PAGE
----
Jemma Jewkes won a commendation for her far-reaching work in restorative justice – the process of convening a case conference between the victim and the offender. She has not only introduced a successful RJ model to HMP Gloucester, but has set up a community interest company, Restorative Gloucester, to manage the prison project and take RJ countywide. Through partnership working she is now helping to develop national policy. After studying criminology, Jemma worked with a youth offending team before joining the prison service as a prison officer – something she had always wanted to do, she tells Inspire. She approached her governor about introducing restorative justice – ‘he told me to go for it, if I could find the funding,’ she says.
Eventually, with great support from management and colleagues, and funding from the local criminal justice board, she got the project off the ground. Overcoming the setback of a bad car accident, which meant a few months off work, she started the project in September 2009, working with offenders at HMP Gloucester. Soon they had built links with Gloucestershire Probation Trust, the police and victim support.
Jemma recruited a team of volunteers who would be carrying out the RJ interventions. They needed to be trained to the necessary skill level, so she gave them a three-day course that fitted in with the Restorative Justice Council’s best practice guidance in restorative solutions. This included teaching them to assess candidates’ suitability to participate in the scheme, and the basics of restorative practice.
‘We do a paper assessment to see if the case is suitable,’ she explains. ‘We look at details of the offence, what happened, who’s been affected and what sort of things they could do to make it better. We also check they’re not blaming the victim.’ It’s a voluntary process and a sensitive one, making sure conditions are right. ‘When the offender starts to feel guilty, there’s potential,’ she says.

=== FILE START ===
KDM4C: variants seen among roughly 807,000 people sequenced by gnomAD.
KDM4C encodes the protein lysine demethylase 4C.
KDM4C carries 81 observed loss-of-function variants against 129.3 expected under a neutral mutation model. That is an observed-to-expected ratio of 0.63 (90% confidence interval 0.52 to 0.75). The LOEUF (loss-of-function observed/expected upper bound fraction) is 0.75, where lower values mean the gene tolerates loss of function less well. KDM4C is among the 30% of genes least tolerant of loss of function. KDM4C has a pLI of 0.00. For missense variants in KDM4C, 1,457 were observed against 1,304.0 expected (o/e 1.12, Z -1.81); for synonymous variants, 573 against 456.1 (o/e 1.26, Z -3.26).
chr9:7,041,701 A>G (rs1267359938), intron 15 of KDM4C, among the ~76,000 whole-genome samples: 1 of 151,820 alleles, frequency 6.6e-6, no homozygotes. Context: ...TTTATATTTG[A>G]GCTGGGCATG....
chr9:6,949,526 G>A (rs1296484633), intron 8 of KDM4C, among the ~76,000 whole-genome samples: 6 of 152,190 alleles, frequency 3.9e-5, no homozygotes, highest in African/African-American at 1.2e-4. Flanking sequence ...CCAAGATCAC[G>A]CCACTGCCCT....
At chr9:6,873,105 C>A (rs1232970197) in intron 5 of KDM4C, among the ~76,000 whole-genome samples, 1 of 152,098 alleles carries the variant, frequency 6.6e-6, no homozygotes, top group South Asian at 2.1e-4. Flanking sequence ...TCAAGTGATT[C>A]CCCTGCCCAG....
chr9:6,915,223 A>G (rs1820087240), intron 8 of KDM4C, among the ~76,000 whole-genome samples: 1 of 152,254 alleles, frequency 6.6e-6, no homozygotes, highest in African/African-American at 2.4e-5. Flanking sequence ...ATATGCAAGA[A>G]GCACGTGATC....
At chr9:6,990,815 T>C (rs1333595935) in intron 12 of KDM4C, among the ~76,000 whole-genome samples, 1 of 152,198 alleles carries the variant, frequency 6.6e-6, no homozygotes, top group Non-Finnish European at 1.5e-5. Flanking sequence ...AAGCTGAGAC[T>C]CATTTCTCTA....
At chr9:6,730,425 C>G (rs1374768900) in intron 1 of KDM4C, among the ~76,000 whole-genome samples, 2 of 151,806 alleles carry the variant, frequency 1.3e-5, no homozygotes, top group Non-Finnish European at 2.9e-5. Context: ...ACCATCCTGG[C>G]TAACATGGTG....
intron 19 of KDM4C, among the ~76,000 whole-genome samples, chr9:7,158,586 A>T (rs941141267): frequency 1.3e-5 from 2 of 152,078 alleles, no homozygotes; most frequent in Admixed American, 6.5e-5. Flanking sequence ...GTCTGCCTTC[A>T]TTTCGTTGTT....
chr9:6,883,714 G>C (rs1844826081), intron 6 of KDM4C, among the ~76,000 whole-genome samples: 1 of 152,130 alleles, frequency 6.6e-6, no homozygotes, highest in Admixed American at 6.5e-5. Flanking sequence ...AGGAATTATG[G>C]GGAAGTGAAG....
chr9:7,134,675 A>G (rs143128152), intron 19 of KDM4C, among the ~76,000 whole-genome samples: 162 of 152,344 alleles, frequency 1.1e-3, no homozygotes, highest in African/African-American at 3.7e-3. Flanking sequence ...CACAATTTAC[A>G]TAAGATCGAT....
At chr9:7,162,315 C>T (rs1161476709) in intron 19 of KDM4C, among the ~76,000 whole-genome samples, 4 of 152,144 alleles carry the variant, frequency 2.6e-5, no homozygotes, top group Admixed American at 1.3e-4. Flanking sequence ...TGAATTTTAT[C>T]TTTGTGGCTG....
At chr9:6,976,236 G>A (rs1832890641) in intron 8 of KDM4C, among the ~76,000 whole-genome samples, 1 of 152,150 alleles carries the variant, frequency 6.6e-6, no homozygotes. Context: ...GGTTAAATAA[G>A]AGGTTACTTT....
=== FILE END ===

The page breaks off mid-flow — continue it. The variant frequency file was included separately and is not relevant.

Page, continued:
The process involves a face-to-face meeting between offender and victim to talk to each other, facilitated by a volunteer. ‘Sometimes there’s an apology, sometimes something practical comes out if it,’ says Jemma. Volunteers give feedback from the meetings, so help the team improve their service. The idea of practice-sharing with other areas of the country came about when other jails began to contact Jemma to ask how Gloucester was doing RJ and whether visits could be arranged to share experience. ‘I’d tell them, this is what worked for our establishment – feel free to take bits you like and change things that don’t work for you. There’s no point in reinventing the wheel,’ she says.
All areas of the criminal justice system in the county are involved in Restorative Gloucestershire, which Jemma manages. She coordinates shared resources and training and has been working on a national rollout with NOMS. ‘Partnership working has been key to making this successful,’ she says. ‘Without that it wouldn’t have happened. We’re very lucky in Gloucestershire in that it’s a particularly good area for partnership working and the ACC and police have been fantastic at driving it forward.’
The commendation from the Butler Trust feels fantastic, she says, ‘because you put in so much hard work and effort and sometimes it feels like a kick in the teeth when you’ve got no funding. Having that recognition drives you on again.’ That, and seeing the successful conferences between victims and offenders. ‘It’s so powerful and such a cathartic experience for the people involved,’ she says. ‘That’s why we’re doing this and why we’re trying to make it available to everybody who wants it.’
For more information: contact Restorative Gloucestershire